“FULL-ON/FULL-OFF Contrast” is a way of measuring how much light your projector outputs, how deep its blacks are, and the relationship – contrast – between the two.

    FULL-ON/FULL-OFF contrast will always be much greater than ANSI contrast, because when it is in “black” mode there is no stray light to spill from the screen to the room and back again, or to diffuse and internally reflect through the projection optics onto the screen.

    Always remember, however, that ANSI contrast is the more appropriate measurement of the system’s contrast abilities in a more realistic “usage” environment.

    To use the FULL-ON/FULL-OFF contrast pattern, measure both the “black” and the “white” brightnesses as appropriate. Read the general guidelines on how to replay this pattern in the previous section.

    Formula: “WHITE”/”BLACK” = FULL-ON/FULL-OFF Contrast.

12. GREEN Field – JPG file

    This field consists of nothing but GREEN pixels. It can be used for inspecting the focus of inter-pixel tiling (usually about 6-8 times Nyquist Frequency).

13. WHITE Field – JPG file

    Allows the inspection of pixel tiling with RGB registration taken into account.

14. “Flying Spot” – to detect glare in projection optics – Quicktime .MOV file

This is a fully high-resolution (1920 x 1080) Quicktime .MOV “movie file” (about 320 kilobytes in size), but it is only just over a second long. It is recommended, indeed essential (given its function), this this file be played with a full frame player that has no borders around the image, such as VLC Player (Windows VLC Player download or Mac VLC Player download).

It is recommended that you DOWNLOAD this file first and then play it, rather than play it directly out of your browser when you intend to use it seriously, as browsers often introduce unwanted frames and other distractions to the final image.

Click on the link UNDERNEATH the image at the end of this section for the download link. The image is just a “summary”, a static representation of the contents of the movie.

    This pattern is designed to provide a black screen background (with only a very fine dark gray Xeitoptics logo – 8 units out of a possible 255 luminance – superimposed) with a 100% brightness white spot, so that maximum and minimum luminance can be measured at that particular point, virtually free of any flare effects or luminance crosstalk within the optical system that a full 1920 x 1080 white field – emitting light at all field positions simultaneously – might introduce or permit.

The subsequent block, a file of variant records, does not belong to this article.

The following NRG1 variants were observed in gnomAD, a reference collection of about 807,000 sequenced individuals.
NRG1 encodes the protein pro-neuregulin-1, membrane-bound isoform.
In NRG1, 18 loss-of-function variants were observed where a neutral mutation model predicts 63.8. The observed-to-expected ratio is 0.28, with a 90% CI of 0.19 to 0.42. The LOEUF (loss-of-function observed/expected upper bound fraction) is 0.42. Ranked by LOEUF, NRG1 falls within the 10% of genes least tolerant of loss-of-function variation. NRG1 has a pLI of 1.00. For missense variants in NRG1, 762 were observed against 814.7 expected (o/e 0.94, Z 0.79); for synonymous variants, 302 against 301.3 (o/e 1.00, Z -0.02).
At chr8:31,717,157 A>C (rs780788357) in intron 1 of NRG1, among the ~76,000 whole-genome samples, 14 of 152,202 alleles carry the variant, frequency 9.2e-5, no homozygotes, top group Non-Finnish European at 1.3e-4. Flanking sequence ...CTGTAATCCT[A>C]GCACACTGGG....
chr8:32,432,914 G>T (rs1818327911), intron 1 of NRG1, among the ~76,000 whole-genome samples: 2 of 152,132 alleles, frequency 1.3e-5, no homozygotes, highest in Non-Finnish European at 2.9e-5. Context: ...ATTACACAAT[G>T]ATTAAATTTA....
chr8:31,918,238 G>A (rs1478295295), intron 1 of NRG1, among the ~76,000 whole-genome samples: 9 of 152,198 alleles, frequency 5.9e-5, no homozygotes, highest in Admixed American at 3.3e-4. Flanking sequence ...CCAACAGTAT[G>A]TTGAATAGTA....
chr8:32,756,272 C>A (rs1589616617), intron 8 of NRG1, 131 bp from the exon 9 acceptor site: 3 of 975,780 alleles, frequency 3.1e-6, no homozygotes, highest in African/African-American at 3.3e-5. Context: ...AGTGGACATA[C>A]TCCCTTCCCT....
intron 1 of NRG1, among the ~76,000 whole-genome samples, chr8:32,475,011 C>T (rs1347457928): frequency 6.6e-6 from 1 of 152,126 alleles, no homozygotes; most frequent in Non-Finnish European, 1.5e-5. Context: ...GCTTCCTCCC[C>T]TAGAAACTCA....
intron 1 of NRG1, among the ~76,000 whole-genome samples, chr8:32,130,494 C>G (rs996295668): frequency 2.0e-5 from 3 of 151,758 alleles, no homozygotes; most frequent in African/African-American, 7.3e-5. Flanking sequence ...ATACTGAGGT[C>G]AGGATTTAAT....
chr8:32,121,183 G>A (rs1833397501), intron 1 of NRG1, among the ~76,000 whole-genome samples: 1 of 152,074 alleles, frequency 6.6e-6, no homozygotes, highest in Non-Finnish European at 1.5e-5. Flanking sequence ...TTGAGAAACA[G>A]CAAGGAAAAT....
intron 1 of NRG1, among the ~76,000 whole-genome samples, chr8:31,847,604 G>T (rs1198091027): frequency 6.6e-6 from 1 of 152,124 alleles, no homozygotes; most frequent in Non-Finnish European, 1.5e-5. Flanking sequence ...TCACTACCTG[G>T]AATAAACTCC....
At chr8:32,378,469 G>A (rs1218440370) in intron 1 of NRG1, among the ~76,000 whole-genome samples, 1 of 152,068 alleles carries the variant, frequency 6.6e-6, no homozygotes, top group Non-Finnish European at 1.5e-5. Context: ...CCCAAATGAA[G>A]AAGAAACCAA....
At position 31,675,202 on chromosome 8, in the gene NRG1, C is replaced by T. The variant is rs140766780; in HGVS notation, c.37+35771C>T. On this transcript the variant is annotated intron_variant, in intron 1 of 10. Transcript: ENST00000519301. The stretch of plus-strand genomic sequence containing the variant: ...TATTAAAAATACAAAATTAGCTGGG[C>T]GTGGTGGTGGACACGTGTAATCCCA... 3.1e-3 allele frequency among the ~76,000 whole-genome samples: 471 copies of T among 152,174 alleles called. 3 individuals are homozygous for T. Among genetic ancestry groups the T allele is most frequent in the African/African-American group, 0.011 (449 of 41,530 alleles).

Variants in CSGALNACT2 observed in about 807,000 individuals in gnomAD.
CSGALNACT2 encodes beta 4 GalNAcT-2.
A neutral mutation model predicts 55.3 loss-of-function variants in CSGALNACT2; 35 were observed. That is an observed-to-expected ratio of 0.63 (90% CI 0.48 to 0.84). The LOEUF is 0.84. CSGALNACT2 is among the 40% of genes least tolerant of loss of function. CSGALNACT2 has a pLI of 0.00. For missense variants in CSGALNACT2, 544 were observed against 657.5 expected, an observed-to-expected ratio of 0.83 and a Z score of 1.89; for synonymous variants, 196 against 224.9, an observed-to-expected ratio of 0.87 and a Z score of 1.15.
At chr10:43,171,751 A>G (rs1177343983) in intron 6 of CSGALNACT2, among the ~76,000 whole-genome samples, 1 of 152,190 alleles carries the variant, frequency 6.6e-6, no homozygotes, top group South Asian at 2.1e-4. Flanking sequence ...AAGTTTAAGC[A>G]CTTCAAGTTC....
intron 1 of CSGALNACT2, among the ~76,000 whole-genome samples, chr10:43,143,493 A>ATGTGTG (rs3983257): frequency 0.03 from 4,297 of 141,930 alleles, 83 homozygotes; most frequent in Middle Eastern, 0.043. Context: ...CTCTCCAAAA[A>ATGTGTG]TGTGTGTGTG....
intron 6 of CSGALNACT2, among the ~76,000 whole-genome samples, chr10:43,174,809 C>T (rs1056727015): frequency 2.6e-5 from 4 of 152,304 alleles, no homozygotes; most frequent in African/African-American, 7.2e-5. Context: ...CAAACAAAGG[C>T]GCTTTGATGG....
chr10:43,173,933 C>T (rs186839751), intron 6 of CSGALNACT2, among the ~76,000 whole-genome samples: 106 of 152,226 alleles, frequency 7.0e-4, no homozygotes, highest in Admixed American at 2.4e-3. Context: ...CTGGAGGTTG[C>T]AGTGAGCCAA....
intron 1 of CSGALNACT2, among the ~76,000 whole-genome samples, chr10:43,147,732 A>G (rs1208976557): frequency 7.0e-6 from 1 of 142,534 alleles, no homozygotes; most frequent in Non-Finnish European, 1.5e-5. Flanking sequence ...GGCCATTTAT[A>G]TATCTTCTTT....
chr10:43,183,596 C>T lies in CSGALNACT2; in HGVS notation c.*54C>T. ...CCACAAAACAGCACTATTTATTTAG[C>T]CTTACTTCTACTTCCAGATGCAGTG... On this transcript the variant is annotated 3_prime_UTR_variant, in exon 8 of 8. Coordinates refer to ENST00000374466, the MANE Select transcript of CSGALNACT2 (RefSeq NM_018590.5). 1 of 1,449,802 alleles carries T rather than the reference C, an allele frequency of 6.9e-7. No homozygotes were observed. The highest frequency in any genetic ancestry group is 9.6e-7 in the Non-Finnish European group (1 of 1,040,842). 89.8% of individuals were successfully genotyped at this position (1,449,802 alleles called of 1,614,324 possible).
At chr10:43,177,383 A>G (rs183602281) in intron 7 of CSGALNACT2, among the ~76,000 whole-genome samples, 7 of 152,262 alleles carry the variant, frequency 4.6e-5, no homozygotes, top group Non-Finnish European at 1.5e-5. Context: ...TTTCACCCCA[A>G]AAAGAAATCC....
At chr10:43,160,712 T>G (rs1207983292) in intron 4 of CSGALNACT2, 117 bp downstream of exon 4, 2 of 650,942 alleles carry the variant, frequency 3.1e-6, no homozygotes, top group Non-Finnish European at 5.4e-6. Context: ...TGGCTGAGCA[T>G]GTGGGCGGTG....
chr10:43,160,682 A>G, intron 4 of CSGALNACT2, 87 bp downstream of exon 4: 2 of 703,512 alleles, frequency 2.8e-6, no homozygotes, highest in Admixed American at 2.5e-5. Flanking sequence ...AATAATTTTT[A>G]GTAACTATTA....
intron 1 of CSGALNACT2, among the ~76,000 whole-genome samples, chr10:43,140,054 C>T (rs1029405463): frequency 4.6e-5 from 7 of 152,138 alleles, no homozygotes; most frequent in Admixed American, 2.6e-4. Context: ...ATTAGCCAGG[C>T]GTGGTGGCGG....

Contrasted with a measurement taken from any position on the full 100% white field (a white reference field is available at the end of the “movie”), comparing the “flying spot” measurement in the same position should give an indication of the effect of flare and light spill on the white measurement.

    With all artificial mechanisms for altering brightness and contrast (such as “Dynamic Iris”) turned OFF:

    * Measure the flying spot brightness, then measure brightness using the full white field (pattern above) at the same spot:

    Formula: (FULL FIELD brightness)-(FLYING SPOT brightness) = EFFECT OF FLARE/SPILL etc.

    * You can also measure the flying spot brightness, say, at the extreme right, and compare it against the “black” level at the extreme left to see the effect of a small amount of light spill from the flying spot.

    * You can measure inside the spot and just outside it, in the black area) to measure local flare and spill.

    Technical details
    The file consists of a “Flying Spot”, a small 32-pixel 100% white square (0.05% of screen area) that dwells for three frames on the following positions: (Top, Middle and Bottom rows) x (Left, Center and Right columns) … 9 positions in all.

    If you play this file and blink at the same time, you won’t see it! In real time it is very short. The idea is to consider this file as a series of stills that are more easily accessed using a movie player than as still image viewer.

    Play the file through once and then use the movie player’s positional slider to sequence back through the file, frame by frame, until you find the square in the position you require. Wait a few seconds for the slider and mouse ikons to disappear, then take your measurements. If you wish, then compare this against the same position from the WHITE reference field at the end of the “movie”.

    Having only 9 spots effectively divides the player slider’s traverse into 9 sections, plus one for the WHITE reference screen at the end, 10 in all.

    NOTE! The above image is just an overview .JPG file.
    Use the following link to download and save the .MOV file:
    Xeitoptics “Flying Spot.MOV” download link
    (RIGHT-CLICK on link, “SAVE AS…”)